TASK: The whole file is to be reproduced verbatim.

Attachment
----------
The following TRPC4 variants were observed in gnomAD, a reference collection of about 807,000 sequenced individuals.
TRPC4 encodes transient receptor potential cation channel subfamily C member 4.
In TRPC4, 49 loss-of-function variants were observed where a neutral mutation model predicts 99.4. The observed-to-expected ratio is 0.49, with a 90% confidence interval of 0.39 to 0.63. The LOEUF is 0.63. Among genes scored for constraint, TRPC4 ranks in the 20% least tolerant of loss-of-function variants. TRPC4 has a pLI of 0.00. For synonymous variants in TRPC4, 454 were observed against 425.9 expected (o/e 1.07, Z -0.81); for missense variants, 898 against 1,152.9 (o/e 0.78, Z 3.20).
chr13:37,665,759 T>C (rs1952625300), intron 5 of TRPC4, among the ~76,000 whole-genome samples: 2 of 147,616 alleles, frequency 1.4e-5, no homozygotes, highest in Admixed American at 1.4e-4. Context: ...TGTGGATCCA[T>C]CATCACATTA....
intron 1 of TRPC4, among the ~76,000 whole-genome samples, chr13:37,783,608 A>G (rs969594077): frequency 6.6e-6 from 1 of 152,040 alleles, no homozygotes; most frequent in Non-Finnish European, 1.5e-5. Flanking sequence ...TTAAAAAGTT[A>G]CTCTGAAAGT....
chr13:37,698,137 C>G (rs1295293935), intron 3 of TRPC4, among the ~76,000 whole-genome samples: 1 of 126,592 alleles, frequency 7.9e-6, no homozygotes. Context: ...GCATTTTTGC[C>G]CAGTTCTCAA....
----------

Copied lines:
The following TRPC4 variants were observed in gnomAD, a reference collection of about 807,000 sequenced individuals.
TRPC4 encodes transient receptor potential cation channel subfamily C member 4.
In TRPC4, 49 loss-of-function variants were observed where a neutral mutation model predicts 99.4. The observed-to-expected ratio is 0.49, with a 90% confidence interval of 0.39 to 0.63. The LOEUF is 0.63. Among genes scored for constraint, TRPC4 ranks in the 20% least tolerant of loss-of-function variants. TRPC4 has a pLI of 0.00. For synonymous variants in TRPC4, 454 were observed against 425.9 expected (o/e 1.07, Z -0.81); for missense variants, 898 against 1,152.9 (o/e 0.78, Z 3.20).
chr13:37,665,759 T>C (rs1952625300), intron 5 of TRPC4, among the ~76,000 whole-genome samples: 2 of 147,616 alleles, frequency 1.4e-5, no homozygotes, highest in Admixed American at 1.4e-4. Context: ...TGTGGATCCA[T>C]CATCACATTA....
intron 1 of TRPC4, among the ~76,000 whole-genome samples, chr13:37,783,608 A>G (rs969594077): frequency 6.6e-6 from 1 of 152,040 alleles, no homozygotes; most frequent in Non-Finnish European, 1.5e-5. Flanking sequence ...TTAAAAAGTT[A>G]CTCTGAAAGT....
chr13:37,698,137 C>G (rs1295293935), intron 3 of TRPC4, among the ~76,000 whole-genome samples: 1 of 126,592 alleles, frequency 7.9e-6, no homozygotes. Context: ...GCATTTTTGC[C>G]CAGTTCTCAA....